Regular monitoring shows that the water quality is excellent at Llanishen Reservoir. However, a naturally-occurring microscopic worm has been found in the reservoir and it may cause a condition known as ‘swimmer’s itch’.
What is swimmer’s itch?
Swimmer’s itch, also called cercarial dermatitis, appears as a mild skin irritation or rash caused by an allergic reaction to certain microscopic worms that infect some birds and mammals. These worms are released from infected snails into fresh and salt water (such as lakes, ponds, and oceans). Swimmer’s itch is found throughout the world and is more frequent during summer months.
To reduce the risk of swimmer’s itch
The swim course & launch point have been moved away from the shallows and into colder, deeper water.
For open water swimming sessions and activities where there is a high risk of immersion such as stand-up paddleboard hire, users are required to take the following precautions:
— wear full length wetsuits and swim caps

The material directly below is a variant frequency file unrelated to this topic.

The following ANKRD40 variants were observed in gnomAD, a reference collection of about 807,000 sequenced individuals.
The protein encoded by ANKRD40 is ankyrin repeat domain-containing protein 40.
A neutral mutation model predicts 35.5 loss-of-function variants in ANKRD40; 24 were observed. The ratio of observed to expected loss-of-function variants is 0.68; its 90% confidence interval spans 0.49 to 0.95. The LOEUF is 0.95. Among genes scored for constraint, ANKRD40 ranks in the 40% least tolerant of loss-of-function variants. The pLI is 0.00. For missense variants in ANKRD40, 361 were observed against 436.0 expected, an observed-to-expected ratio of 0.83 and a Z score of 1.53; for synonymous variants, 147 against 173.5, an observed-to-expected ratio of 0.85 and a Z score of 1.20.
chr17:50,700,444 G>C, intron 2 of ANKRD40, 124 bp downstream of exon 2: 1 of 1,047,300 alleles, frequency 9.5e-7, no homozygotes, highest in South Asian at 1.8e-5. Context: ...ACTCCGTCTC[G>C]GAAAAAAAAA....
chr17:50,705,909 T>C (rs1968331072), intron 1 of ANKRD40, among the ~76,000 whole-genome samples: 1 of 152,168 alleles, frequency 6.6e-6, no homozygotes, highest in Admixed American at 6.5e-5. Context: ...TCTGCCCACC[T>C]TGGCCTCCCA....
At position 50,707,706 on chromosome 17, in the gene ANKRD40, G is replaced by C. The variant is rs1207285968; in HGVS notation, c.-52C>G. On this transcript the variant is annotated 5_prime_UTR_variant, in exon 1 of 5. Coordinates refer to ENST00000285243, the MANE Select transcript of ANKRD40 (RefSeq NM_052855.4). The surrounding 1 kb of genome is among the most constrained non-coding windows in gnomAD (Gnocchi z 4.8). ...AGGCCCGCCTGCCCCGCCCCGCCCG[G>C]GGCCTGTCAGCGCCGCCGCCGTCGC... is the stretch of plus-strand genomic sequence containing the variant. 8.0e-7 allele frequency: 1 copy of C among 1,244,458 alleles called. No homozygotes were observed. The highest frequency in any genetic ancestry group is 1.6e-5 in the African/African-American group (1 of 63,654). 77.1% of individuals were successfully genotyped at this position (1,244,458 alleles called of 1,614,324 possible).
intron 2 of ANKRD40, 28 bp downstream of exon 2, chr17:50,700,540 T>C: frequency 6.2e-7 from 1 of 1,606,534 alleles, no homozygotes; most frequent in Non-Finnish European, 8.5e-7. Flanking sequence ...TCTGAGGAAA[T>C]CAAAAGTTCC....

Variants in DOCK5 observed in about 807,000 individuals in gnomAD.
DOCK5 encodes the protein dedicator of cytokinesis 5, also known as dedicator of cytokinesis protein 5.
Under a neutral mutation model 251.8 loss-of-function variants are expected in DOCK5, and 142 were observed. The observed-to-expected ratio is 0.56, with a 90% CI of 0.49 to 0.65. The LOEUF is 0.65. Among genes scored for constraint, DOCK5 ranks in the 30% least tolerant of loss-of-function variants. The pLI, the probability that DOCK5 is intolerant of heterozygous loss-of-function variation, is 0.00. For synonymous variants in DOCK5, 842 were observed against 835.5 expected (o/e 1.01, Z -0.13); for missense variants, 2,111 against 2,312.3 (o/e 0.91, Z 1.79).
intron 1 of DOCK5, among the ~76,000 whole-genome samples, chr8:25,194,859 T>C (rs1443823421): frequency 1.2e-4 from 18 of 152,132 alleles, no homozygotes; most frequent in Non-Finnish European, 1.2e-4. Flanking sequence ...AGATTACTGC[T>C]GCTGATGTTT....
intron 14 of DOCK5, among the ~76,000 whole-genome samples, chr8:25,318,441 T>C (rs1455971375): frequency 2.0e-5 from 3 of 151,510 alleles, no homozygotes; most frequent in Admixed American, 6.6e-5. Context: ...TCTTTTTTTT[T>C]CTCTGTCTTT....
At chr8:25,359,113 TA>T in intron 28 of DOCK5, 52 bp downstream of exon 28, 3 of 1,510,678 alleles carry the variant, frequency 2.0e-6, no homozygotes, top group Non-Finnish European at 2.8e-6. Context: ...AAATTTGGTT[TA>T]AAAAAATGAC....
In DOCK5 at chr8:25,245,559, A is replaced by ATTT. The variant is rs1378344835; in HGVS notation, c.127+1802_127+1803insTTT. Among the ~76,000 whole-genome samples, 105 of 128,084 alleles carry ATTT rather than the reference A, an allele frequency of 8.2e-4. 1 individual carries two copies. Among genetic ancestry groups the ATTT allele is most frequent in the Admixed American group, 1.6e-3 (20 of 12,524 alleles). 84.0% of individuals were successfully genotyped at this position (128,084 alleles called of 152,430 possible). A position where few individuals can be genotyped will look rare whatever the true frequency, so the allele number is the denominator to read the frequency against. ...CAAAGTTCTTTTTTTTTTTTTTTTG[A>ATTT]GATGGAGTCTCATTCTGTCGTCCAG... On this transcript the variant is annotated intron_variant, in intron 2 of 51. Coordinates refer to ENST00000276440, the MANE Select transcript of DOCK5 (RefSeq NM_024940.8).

— cover any cuts and grazes with waterproof plasters
— clean any wounds as soon as possible after leaving the water
— try not to swallow the water
— take a warm shower with soap immediately after exiting the water, and rigorously towel dry
What are the signs and symptoms of swimmer’s itch?
Some people are more susceptible than others to getting affected. A little bit like mosquitoes who seem to go after certain people. Symptoms can include:
— tingling, burning, or itching of the skin
— small reddish pimples or small blisters
Because swimmer’s itch is caused by an allergic reaction, if you are repeatedly exposed to the worm, you may get more severe symptoms.
Although uncomfortable, symptoms generally only last a few days, but they can last longer. You can’t spread the rash to other people, and it doesn’t need treatment. If you have swimmer’s itch, it is important that you don’t scratch the rash – scratching may cause the rash to get infected. You may find it helpful to try over the counter treatments to help relieve/reduce any itch symptoms you have – speak to your pharmacist or another health professional if you need advice.
Watersports activities are undertaken entirely at participant’s risk.
It is important to remember that swimmer’s itch is not the only thing that can give you a rash or make you feel unwell after being in contact with open water. See a health professional for advice if you feel unwell after contact with open water or if you have symptoms that are unexplained or getting worse.
For further information about Swimmer’s Itch at Lisvane & Llanishen Reservoirs, read our statement here.